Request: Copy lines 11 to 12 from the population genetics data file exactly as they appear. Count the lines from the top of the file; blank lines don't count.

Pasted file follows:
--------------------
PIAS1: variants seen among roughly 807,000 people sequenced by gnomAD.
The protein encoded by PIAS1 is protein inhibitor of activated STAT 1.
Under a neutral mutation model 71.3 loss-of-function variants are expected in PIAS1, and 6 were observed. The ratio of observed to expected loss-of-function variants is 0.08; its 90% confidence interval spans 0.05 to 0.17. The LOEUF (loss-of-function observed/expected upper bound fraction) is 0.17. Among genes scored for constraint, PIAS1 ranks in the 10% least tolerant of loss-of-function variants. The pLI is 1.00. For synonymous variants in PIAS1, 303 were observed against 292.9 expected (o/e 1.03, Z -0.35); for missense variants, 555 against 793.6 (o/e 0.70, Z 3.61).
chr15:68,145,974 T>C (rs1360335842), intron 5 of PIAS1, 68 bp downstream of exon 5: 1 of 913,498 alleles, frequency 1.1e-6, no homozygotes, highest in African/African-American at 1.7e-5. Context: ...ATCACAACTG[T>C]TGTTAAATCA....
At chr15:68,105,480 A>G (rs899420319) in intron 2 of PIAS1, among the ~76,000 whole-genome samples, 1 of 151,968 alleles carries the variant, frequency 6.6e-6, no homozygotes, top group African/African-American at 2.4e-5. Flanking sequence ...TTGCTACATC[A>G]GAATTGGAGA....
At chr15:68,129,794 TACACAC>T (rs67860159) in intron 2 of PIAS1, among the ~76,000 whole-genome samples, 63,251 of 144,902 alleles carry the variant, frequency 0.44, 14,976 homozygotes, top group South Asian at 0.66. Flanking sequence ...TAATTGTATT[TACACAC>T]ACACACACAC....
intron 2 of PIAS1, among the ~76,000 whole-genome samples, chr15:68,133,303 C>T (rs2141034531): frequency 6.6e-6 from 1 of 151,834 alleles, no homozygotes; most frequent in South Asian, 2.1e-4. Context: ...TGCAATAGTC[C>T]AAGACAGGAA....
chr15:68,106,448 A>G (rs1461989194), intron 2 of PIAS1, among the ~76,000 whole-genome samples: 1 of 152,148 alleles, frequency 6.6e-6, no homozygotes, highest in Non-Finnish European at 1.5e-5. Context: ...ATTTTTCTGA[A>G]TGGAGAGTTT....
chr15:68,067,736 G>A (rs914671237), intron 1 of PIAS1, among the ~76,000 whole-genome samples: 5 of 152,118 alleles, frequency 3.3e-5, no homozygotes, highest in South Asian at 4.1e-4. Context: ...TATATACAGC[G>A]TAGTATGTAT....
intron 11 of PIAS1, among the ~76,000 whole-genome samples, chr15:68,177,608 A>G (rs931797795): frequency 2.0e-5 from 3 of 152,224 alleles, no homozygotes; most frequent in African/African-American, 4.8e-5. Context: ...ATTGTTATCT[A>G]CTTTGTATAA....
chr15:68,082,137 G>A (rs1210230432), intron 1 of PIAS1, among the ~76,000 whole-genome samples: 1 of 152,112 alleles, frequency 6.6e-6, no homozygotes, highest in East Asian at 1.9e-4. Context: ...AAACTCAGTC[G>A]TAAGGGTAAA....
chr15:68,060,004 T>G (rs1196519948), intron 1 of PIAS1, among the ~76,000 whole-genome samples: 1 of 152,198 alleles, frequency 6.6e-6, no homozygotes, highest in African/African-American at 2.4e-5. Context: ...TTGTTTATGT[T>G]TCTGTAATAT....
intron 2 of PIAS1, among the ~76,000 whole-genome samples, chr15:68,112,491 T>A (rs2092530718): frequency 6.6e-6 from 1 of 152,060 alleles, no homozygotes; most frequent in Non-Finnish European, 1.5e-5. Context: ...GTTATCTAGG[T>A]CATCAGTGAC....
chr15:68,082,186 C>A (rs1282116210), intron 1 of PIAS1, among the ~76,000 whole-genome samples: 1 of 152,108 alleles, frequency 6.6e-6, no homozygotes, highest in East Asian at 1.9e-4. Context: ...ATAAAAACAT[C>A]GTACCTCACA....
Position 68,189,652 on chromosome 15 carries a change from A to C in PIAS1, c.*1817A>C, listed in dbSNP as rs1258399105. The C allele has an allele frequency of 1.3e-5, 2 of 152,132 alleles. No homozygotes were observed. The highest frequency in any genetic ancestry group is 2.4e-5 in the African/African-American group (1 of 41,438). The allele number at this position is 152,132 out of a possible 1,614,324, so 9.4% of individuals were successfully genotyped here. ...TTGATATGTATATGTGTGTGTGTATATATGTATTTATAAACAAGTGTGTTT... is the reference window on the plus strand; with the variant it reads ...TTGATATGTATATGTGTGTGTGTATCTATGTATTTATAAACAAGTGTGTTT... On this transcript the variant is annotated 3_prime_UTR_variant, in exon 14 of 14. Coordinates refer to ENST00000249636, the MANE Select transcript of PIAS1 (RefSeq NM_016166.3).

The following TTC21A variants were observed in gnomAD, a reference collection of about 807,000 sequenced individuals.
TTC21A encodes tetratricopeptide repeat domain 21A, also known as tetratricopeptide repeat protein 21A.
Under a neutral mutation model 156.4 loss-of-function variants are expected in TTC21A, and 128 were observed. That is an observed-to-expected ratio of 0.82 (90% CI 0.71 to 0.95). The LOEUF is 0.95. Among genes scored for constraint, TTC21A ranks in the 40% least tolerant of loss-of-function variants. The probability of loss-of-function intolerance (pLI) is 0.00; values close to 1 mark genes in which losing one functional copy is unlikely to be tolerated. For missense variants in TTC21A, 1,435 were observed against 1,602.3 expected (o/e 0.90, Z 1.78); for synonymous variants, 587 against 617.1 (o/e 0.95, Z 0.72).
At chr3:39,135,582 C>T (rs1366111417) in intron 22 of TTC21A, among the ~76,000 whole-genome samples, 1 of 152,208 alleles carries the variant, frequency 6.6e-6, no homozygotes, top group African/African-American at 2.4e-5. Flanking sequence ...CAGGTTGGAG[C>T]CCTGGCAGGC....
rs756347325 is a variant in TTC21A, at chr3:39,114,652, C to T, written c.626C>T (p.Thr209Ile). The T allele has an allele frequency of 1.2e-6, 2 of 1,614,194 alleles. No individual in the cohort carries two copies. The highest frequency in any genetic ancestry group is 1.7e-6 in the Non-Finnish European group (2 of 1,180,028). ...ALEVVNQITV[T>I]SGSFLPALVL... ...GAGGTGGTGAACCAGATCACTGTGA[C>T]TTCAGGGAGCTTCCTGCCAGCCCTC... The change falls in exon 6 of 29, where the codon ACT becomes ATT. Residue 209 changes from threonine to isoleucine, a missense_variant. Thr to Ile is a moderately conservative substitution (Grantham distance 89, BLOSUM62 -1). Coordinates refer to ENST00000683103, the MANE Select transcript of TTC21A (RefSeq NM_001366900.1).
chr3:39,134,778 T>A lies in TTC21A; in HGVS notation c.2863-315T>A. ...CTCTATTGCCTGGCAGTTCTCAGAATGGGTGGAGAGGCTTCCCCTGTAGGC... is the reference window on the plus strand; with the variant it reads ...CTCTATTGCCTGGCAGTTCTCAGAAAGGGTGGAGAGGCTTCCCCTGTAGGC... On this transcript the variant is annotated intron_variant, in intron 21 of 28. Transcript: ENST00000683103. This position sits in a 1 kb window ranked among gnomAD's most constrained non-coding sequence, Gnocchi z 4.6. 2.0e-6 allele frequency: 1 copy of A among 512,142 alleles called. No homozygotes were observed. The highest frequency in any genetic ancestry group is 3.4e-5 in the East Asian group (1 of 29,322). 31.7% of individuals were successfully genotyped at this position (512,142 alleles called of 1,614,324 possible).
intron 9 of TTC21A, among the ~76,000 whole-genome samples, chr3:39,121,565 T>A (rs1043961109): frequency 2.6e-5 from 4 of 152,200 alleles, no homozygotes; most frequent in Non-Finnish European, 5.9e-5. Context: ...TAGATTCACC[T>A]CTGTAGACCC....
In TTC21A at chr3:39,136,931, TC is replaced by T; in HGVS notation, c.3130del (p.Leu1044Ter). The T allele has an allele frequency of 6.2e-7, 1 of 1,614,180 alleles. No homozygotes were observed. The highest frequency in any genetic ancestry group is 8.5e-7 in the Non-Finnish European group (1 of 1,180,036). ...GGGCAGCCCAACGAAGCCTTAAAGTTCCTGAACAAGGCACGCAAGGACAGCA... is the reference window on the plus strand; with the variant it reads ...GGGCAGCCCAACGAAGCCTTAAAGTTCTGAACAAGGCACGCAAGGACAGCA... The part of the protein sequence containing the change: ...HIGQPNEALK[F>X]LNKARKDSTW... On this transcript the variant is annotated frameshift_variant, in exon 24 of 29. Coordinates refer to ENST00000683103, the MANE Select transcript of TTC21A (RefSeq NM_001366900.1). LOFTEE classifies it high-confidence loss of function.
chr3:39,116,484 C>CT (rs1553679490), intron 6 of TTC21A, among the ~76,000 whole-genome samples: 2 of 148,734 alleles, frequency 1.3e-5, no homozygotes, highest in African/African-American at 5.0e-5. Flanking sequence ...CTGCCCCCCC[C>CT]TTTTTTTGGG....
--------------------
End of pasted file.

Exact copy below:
chr15:68,082,137 G>A (rs1210230432), intron 1 of PIAS1, among the ~76,000 whole-genome samples: 1 of 152,112 alleles, frequency 6.6e-6, no homozygotes, highest in East Asian at 1.9e-4. Context: ...AAACTCAGTC[G>A]TAAGGGTAAA....
chr15:68,060,004 T>G (rs1196519948), intron 1 of PIAS1, among the ~76,000 whole-genome samples: 1 of 152,198 alleles, frequency 6.6e-6, no homozygotes, highest in African/African-American at 2.4e-5. Context: ...TTGTTTATGT[T>G]TCTGTAATAT....